Well, it seems that interest in the Sola Versus Solo Scriptura
discussion has subsided, so unless something else comes up,
this will be my final posting to Green Baggins on this subject.
Since that topic does not seem to be getting read on GB anymore
I will post my responses here.
> TurretinFan said,
> April 17, 2013 at 9:59 am
> Regarding #150:
> I (TF) had written:
>>> Even if you win a rhetorical point by saying that our doctrine should be
>>> called “Satis Scriptura,” or whatever, we are still sitting her with just
>>> a Bible as our infallible rule of faith until you show us the other
>>> supposed rule.
> Scott, you replied:
>> Well, I believe I have adequately demonstrated “the other rule.”
> TF: I don’t doubt that you believe you did so, but you’re wrong.
sw: Well, again, the "unanswered question" here asking "Can error
be bound or loosed in heaven?" It's a simple, yes or no response
here. If "yes" - then how can we know the Bible itself is infallible?
If "no" - then most certainly these "men" were given infallible
authority. Then comes the question of "succession" in their "office"
or "bishoprick" Which has also been demonstrated through several
passages AND the fact that in some of the earliest of the ECFs we
have explicit lists of "succession" - especially to the Bishop of
>> sw: You sound as if you’ve conceded to me the rhetorical point of
>> satis scriptura, have you?
> TF: a) It’s a little strange to me that you are so eager to try
> to make a purely rhetorical point. I would have hoped you were
> more interested in the substance.
sw: Rhetoric is not necessarily without substance. All argument is
rhetoric. The point is what you're REALLY defending is
indeed satis scriptura and not sola scriptura, for which there is no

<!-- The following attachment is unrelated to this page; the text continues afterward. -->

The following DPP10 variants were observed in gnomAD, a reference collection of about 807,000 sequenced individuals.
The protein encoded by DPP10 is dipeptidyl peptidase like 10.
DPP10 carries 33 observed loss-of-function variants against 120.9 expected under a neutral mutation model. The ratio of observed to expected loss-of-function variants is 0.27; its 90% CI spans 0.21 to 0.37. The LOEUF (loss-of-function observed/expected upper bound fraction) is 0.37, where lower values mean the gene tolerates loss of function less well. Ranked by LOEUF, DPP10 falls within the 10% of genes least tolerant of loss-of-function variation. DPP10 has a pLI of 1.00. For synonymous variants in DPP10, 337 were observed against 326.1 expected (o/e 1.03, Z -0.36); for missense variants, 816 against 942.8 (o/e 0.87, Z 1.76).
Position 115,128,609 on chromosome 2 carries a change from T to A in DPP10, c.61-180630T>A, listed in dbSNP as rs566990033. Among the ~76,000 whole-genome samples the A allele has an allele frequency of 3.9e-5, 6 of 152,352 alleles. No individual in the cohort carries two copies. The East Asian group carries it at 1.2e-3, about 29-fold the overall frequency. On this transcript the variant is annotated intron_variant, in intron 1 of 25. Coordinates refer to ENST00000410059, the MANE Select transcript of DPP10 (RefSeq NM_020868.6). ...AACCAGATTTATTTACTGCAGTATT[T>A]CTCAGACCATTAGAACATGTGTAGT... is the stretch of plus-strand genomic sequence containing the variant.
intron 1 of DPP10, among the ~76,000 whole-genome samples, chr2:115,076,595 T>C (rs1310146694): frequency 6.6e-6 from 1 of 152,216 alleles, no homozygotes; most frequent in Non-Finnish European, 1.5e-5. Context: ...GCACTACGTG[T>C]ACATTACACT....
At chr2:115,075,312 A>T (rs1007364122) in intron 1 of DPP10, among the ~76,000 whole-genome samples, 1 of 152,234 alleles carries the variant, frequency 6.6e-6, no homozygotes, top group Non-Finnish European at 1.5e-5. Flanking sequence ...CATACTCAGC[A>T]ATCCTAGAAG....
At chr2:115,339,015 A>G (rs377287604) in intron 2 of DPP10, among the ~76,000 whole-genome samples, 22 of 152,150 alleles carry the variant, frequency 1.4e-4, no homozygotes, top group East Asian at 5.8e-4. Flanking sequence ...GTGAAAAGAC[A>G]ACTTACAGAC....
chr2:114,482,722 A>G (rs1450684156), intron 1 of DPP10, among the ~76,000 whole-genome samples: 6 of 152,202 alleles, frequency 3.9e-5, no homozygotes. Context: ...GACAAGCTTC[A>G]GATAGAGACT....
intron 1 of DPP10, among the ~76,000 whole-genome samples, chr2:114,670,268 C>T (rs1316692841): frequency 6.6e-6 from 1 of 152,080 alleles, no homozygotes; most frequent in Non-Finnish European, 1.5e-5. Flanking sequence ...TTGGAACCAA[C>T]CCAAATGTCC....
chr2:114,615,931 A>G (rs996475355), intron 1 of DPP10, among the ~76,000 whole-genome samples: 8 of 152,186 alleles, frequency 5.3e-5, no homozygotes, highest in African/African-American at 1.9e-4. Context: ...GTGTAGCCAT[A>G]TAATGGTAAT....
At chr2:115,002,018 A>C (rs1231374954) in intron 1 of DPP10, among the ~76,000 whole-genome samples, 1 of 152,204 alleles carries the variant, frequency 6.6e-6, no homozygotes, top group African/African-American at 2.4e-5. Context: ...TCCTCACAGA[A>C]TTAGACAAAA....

scriptural defense. If you disagree with me, don't simply state I am
wrong, be the first to point us to THE passage in Scripture which
explicitly states Scripture is the sole infallible rule of faith for the
Christian church. Again, there is NO SUCH VERSE! Prove me
wrong, don't just proclaim it.
> TF: b) And no, I don’t grant the rhetorical point, either. While
> the exclusive aspect of Scripture in the post-apostolic era is
> less clearly addressed than the sufficiency of Scripture, it is
> also something taught in Scripture.
sw: And again I challenge you, or anyone else reading this, to
present the passage from Scripture which would affirm your
unsubstantiated statement of "it is also something taught in
Scripture." I repeat, it is NOT taught in Scripture and
just because you say it is does not make it so.
>> sw: re: that man and/or those men
>> This is not the article/topic for Apostolic Succession, though
>> we have touched upon it in passing. MY POINT is that infallible
>> authority was given to that man and/or those men. Would you
>> agree with me that far?
> TF: a) Actually, if you are trying to demonstrate the
> “other rule,” then you need to get from the apostles to that
> other rule. If your “point” is not to establish the
> “other rule,” then your point misses the point.
sw: Well, been there, done that, got the t-shirt. The evidence
is clear for those who are objectively looking at what has been
presented. If you're looking solely with the intent of
disproving, then with such a biased view, you will likely not
> TF: b) The idea that “infallible authority was given to” them
> is rather vague.
sw: It's not vague if you will (finally) answer the question I
have been asking.
> TF: I have an infallible Bible,
sw: Without using circular argumentation, how do you know your
Bible is infallible?
> TF: ...and so long as I teach what it says, then whatever I
> bind on earth will be bound in heaven.
sw: Jesus is not addressing "the Church" at the point of the
"binding and loosing" passages. In Matthew 16 it is ONLY St.
Peter and in Matthew 18 it is ONLY the Apostles. I realize
Protestants would like to make this a global charism,
but they are reading something into the text which is not there
when they do.
> TF: So, you could say that infallible authority has been given
> to me.
sw: I could say that, but it would not be true.
> TF: Moreover, in the context of Matthew 16, the “binding and
> loosing” seems connected with the keys and the gates of hell.
sw: Actually, as I already pointed out at GB, it has to do with the
“kingdom of heaven” - not the “gates of hell!” The context which
speaks of the “gates of hell” refers to “the Church” and the fact
that the “gates of hell shall not prevail against it.”
> TF: In other words, it seems that it refers to the gospel